Wood Betony (Stachys officinalis) is a perennial herb that is hardy to Zone 4. Like many other members of the mint family, S. officinalis has square stems with short, fine hairs. Toothed leaves grow at the base of the plant, and in mid to late summer, spiked heads of tubular, red-violet blooms appear atop 2- to 3-foot stems.
Modern Uses for Wood Betony
Herbalists use Wood Betony tea to treat head-related afflictions (including migraines, toothaches, anxiety and sleeping troubles). Betony is also used by some as a treatment for diarrhea, mouth and throat irritations, and skin conditions. A Russian study found that betony contains glycosides, which may lower blood pressure—one possible explanation for the herb’s reputed ability to relieve headaches and anxiety. According to Tyler’s Honest Herbal (Routledge, 1999) by Steven Foster and Varro Tyler, betony contains about 15 percent tannins, which supports its use as an astringent to treat diarrhea, mouth and throat irritations, and skin problems. You can find more information at the The Herb Companion.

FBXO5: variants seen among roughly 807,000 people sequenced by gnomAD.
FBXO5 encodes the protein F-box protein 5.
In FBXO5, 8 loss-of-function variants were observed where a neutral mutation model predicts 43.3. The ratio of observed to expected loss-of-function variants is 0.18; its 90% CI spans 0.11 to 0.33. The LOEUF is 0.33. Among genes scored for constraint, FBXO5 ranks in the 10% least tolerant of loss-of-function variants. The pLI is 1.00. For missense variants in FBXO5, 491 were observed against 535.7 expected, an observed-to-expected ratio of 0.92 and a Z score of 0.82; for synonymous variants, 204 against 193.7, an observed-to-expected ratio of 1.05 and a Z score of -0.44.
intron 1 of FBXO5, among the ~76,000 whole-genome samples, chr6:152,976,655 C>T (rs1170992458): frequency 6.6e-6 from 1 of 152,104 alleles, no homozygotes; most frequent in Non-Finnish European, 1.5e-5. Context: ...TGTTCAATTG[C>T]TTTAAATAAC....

Harvesting and Preparation
- Wash the Wood Betony stems to remove any dirt or debris. Carefully trim the blossoms and roots off, and discard.
- Bind the bottoms of the Wood Betony stems into a bundle with the twine. Tie securely, and form a loop with the ends of the twine. Hang the bundle upside down by the loop in a warm place. Allow to dry for about two weeks.
- Remove the twine from the bundle of dehydrated Wood Betony and discard. Finely chop the stems and leaves into small pieces.
For relaxation or for use as a general tonic, a tea can be made by covering 1 teaspoon dried betony leaves with 1 cup of boiling water, steep for about 5 to 10 minutes. It tastes much like black tea (made from Camellia sinensis) but contains no caffeine. Don’t over steep, your tea will become bitter. For sore throats and gum inflammations, gargle with the cool tea. (Caution: Wood betony is a uterine stimulant and should not be used during pregnancy. Excessive doses of the herb also can cause vomiting.)
The statements made here have not been approved by the Food and Drug Administration. These statements are not intended to diagnose, treat, or cure or prevent any disease. Research any medicinal claims and discuss this with your doctor.